Labour Party Conference Delegates Should Oppose Recommendation to Endorse David Evans – CLPD


“The NEC will be recommending to Conference that it elects David Evans, which unfortunately would be a serious mistake.”

Campaign for Labour Party Democracy

The Labour Party should focus on attacking the Tories – not Labour members – writes the Campaign for Labour Party Democracy

The Campaign for Labour Party Democracy is encouraging party members to get your CLP to agree that your delegates to Annual Conference this September will vote against the NEC’s recommendation on the General Secretary.

Under the Labour Party rules, the General Secretary is ‘elected by party conference on the recommendation of the NEC’ (Chapter 4, Clause II.4.A – Page 23 in the current version of the 2020 Rule Book).

The NEC will be recommending to Conference that it elects David Evans, which unfortunately would be a serious mistake.

We need a General Secretary who will prioritise uniting the party around an alternative agenda to that of the Tories, to aid Labour in making a much needed electoral advance. It is an important post in the party, which should not be used as a platform for divisive attacks on party members.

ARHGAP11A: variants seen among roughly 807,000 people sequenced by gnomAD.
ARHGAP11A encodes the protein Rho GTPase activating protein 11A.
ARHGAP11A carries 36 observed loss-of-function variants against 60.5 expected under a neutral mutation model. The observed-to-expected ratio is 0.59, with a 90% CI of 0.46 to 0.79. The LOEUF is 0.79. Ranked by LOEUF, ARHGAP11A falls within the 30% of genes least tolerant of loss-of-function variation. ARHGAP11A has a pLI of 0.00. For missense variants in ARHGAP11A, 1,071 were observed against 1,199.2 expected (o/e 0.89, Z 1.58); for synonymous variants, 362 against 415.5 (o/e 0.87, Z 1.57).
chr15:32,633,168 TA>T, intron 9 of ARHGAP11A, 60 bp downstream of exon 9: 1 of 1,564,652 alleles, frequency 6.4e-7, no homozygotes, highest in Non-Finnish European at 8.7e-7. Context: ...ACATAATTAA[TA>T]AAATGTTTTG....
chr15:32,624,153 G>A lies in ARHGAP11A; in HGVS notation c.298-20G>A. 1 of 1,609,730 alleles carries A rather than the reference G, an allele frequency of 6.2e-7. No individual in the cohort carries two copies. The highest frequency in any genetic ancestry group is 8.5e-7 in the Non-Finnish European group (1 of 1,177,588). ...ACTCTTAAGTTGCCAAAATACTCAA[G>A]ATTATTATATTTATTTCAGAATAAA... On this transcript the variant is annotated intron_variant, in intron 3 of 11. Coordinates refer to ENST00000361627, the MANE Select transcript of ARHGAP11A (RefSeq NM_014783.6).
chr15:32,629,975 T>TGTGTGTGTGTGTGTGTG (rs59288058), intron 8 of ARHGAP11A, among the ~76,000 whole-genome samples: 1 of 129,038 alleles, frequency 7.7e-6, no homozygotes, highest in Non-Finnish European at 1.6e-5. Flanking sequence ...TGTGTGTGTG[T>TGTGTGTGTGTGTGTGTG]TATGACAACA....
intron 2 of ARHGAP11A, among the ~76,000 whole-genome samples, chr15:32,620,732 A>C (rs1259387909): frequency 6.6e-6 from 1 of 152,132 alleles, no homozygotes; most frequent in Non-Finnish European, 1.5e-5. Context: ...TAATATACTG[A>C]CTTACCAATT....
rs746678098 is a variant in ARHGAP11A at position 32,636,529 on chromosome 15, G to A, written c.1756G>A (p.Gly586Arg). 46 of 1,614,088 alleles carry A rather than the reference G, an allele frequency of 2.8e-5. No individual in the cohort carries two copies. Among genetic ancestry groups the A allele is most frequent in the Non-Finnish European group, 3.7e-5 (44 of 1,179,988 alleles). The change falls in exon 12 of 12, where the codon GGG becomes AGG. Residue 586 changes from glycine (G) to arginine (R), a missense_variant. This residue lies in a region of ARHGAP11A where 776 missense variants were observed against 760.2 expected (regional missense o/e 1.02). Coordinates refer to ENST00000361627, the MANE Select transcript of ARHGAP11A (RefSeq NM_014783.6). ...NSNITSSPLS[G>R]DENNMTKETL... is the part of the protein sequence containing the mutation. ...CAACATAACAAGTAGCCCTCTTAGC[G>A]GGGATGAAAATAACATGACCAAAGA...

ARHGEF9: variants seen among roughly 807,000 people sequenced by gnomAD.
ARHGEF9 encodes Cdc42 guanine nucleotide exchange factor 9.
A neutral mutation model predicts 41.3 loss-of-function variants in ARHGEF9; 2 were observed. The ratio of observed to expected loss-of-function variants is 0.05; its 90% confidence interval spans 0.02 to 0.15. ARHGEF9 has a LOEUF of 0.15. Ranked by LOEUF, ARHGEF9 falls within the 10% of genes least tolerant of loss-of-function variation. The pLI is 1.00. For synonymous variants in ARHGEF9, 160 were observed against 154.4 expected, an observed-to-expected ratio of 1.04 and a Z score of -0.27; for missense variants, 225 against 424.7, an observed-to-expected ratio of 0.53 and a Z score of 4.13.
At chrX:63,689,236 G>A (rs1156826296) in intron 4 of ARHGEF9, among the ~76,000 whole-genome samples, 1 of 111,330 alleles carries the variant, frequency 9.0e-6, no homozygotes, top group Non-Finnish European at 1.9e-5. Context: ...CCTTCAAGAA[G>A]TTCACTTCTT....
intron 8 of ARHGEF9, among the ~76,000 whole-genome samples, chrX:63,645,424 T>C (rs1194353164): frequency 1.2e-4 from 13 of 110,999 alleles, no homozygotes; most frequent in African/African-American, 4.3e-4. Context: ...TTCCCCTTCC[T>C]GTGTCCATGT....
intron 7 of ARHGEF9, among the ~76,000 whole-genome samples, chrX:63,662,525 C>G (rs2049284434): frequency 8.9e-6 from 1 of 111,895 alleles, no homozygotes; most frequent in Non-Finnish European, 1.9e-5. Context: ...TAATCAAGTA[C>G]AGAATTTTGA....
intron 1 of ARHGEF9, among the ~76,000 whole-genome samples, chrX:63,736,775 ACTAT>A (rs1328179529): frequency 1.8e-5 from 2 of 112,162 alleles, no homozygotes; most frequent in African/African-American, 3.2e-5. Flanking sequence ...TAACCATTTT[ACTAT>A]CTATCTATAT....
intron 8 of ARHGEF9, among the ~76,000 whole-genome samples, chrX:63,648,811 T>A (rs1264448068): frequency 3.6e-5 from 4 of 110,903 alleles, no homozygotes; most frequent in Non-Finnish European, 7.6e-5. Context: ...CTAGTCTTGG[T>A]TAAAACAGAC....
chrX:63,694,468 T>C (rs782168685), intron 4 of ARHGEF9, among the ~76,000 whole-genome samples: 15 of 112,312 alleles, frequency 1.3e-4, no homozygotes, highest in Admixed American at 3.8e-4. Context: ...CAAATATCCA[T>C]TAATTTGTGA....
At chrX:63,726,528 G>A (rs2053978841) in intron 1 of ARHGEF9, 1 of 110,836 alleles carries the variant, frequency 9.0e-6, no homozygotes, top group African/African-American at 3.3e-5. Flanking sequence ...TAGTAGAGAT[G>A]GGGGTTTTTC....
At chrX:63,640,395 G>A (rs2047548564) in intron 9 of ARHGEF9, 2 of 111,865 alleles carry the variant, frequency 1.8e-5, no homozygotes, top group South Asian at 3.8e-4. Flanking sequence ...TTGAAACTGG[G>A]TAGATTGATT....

Since the NEC appointed Evans to act as General Secretary in May 2020, various measures have been introduced to curtail the rights of Labour Party members. Unprecedented restrictions have been placed on discussions of party business, with around 70 local party officers suspended from party membership for defending local party democracy.[See Note 1] This has made local party meetings into unwelcoming spaces for many party members and as a result our membership has already suffered a large decline.

None of this has been of electoral benefit, as is evident from: Labour’s significant decline in opinion polls since the summer of 2020; the predominately poor local election results in May; and the appalling loss of Labour support in the Hartlepool and the Chesham and Amersham by-elections.

Regrettably, the party has been deterring, not attracting, electoral support. Right-wing factionalism does not deliver victories for Labour. It undermines the party’s functioning, both internally and also in elections.
It has been a mistake, with damaging consequences, that the party recently abandoned its democratic traditions. It is a mistake that Annual Conference can help to correct.

The long standing custom and practice was that party members discussed and adopted positions on matters across the full range of party business and policy. The culture, of encouraging internal debate, helped our party became one of the largest political parties in Europe. It also assisted the leadership, keeping it in touch with our members, who form the backbone of our local campaigns.

Our members are important to our success. The stifling of internal democracy is unfortunately damaging the party and this is benefiting our electoral opponents.

Annual Conference needs to shift the party’s focus on to fighting the Tories. Delegates can best assist the party in achieving such a re-orientation by rejecting the NEC’s recommendation on the General Secretary.